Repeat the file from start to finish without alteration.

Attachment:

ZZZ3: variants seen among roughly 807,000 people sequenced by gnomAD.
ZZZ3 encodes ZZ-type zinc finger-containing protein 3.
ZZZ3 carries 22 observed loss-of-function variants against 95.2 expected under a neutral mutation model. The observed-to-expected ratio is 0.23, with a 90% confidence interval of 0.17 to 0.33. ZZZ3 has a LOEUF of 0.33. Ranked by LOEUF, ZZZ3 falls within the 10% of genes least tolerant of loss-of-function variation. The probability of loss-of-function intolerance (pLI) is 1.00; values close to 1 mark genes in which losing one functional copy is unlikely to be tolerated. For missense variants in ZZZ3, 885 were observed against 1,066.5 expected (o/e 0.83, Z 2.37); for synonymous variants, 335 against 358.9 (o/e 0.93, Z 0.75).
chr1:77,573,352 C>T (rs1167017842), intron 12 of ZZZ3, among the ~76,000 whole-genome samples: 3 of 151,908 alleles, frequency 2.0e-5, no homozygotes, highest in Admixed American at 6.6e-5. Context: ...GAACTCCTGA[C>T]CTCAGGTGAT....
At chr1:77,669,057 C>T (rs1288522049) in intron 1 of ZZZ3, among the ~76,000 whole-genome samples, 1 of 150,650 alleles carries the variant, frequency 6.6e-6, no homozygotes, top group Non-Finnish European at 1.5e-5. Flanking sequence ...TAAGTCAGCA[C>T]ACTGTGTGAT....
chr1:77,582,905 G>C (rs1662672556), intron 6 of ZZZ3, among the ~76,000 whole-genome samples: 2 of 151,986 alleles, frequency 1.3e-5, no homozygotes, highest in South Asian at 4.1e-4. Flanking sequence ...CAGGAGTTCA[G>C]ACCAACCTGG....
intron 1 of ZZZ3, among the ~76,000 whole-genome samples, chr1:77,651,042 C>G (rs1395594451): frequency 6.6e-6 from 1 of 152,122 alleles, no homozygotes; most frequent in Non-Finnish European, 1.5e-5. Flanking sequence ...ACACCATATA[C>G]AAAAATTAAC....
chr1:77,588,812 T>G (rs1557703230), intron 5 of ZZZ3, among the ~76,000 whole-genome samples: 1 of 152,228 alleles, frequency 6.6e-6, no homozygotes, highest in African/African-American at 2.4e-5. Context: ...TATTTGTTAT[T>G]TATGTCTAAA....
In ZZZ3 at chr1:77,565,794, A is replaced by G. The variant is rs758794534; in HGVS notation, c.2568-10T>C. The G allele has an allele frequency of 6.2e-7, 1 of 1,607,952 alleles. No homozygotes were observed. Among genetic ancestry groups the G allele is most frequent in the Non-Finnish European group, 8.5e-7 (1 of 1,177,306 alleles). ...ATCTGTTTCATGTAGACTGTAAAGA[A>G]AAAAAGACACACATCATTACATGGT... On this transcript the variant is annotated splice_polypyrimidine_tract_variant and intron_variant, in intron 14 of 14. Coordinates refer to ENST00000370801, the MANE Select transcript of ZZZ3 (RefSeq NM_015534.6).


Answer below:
ZZZ3: variants seen among roughly 807,000 people sequenced by gnomAD.
ZZZ3 encodes ZZ-type zinc finger-containing protein 3.
ZZZ3 carries 22 observed loss-of-function variants against 95.2 expected under a neutral mutation model. The observed-to-expected ratio is 0.23, with a 90% confidence interval of 0.17 to 0.33. ZZZ3 has a LOEUF of 0.33. Ranked by LOEUF, ZZZ3 falls within the 10% of genes least tolerant of loss-of-function variation. The probability of loss-of-function intolerance (pLI) is 1.00; values close to 1 mark genes in which losing one functional copy is unlikely to be tolerated. For missense variants in ZZZ3, 885 were observed against 1,066.5 expected (o/e 0.83, Z 2.37); for synonymous variants, 335 against 358.9 (o/e 0.93, Z 0.75).
chr1:77,573,352 C>T (rs1167017842), intron 12 of ZZZ3, among the ~76,000 whole-genome samples: 3 of 151,908 alleles, frequency 2.0e-5, no homozygotes, highest in Admixed American at 6.6e-5. Context: ...GAACTCCTGA[C>T]CTCAGGTGAT....
At chr1:77,669,057 C>T (rs1288522049) in intron 1 of ZZZ3, among the ~76,000 whole-genome samples, 1 of 150,650 alleles carries the variant, frequency 6.6e-6, no homozygotes, top group Non-Finnish European at 1.5e-5. Flanking sequence ...TAAGTCAGCA[C>T]ACTGTGTGAT....
chr1:77,582,905 G>C (rs1662672556), intron 6 of ZZZ3, among the ~76,000 whole-genome samples: 2 of 151,986 alleles, frequency 1.3e-5, no homozygotes, highest in South Asian at 4.1e-4. Flanking sequence ...CAGGAGTTCA[G>C]ACCAACCTGG....
intron 1 of ZZZ3, among the ~76,000 whole-genome samples, chr1:77,651,042 C>G (rs1395594451): frequency 6.6e-6 from 1 of 152,122 alleles, no homozygotes; most frequent in Non-Finnish European, 1.5e-5. Flanking sequence ...ACACCATATA[C>G]AAAAATTAAC....
chr1:77,588,812 T>G (rs1557703230), intron 5 of ZZZ3, among the ~76,000 whole-genome samples: 1 of 152,228 alleles, frequency 6.6e-6, no homozygotes, highest in African/African-American at 2.4e-5. Context: ...TATTTGTTAT[T>G]TATGTCTAAA....
In ZZZ3 at chr1:77,565,794, A is replaced by G. The variant is rs758794534; in HGVS notation, c.2568-10T>C. The G allele has an allele frequency of 6.2e-7, 1 of 1,607,952 alleles. No homozygotes were observed. Among genetic ancestry groups the G allele is most frequent in the Non-Finnish European group, 8.5e-7 (1 of 1,177,306 alleles). ...ATCTGTTTCATGTAGACTGTAAAGA[A>G]AAAAAGACACACATCATTACATGGT... On this transcript the variant is annotated splice_polypyrimidine_tract_variant and intron_variant, in intron 14 of 14. Coordinates refer to ENST00000370801, the MANE Select transcript of ZZZ3 (RefSeq NM_015534.6).